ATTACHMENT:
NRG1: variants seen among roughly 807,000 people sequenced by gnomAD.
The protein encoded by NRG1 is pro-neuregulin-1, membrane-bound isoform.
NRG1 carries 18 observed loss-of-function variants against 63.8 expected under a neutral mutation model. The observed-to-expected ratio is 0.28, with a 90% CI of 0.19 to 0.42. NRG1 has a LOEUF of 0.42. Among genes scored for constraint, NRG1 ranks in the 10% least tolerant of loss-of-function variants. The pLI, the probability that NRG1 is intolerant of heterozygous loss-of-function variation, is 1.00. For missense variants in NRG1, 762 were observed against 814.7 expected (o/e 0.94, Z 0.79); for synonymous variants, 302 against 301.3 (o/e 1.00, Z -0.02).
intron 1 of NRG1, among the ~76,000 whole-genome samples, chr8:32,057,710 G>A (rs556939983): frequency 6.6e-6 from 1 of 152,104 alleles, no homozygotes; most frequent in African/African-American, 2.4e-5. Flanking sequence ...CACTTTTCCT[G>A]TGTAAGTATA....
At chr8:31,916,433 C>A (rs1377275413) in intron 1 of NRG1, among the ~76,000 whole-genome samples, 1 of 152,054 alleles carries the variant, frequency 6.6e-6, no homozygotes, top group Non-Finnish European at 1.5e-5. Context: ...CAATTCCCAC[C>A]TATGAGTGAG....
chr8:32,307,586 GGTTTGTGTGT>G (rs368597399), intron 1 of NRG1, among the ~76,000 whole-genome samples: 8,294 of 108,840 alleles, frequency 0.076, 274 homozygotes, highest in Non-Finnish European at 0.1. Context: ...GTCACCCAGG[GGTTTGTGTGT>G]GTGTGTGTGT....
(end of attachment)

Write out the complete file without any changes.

NRG1: variants seen among roughly 807,000 people sequenced by gnomAD.
The protein encoded by NRG1 is pro-neuregulin-1, membrane-bound isoform.
NRG1 carries 18 observed loss-of-function variants against 63.8 expected under a neutral mutation model. The observed-to-expected ratio is 0.28, with a 90% CI of 0.19 to 0.42. NRG1 has a LOEUF of 0.42. Among genes scored for constraint, NRG1 ranks in the 10% least tolerant of loss-of-function variants. The pLI, the probability that NRG1 is intolerant of heterozygous loss-of-function variation, is 1.00. For missense variants in NRG1, 762 were observed against 814.7 expected (o/e 0.94, Z 0.79); for synonymous variants, 302 against 301.3 (o/e 1.00, Z -0.02).
intron 1 of NRG1, among the ~76,000 whole-genome samples, chr8:32,057,710 G>A (rs556939983): frequency 6.6e-6 from 1 of 152,104 alleles, no homozygotes; most frequent in African/African-American, 2.4e-5. Flanking sequence ...CACTTTTCCT[G>A]TGTAAGTATA....
At chr8:31,916,433 C>A (rs1377275413) in intron 1 of NRG1, among the ~76,000 whole-genome samples, 1 of 152,054 alleles carries the variant, frequency 6.6e-6, no homozygotes, top group Non-Finnish European at 1.5e-5. Context: ...CAATTCCCAC[C>A]TATGAGTGAG....
chr8:32,307,586 GGTTTGTGTGT>G (rs368597399), intron 1 of NRG1, among the ~76,000 whole-genome samples: 8,294 of 108,840 alleles, frequency 0.076, 274 homozygotes, highest in Non-Finnish European at 0.1. Context: ...GTCACCCAGG[GGTTTGTGTGT>G]GTGTGTGTGT....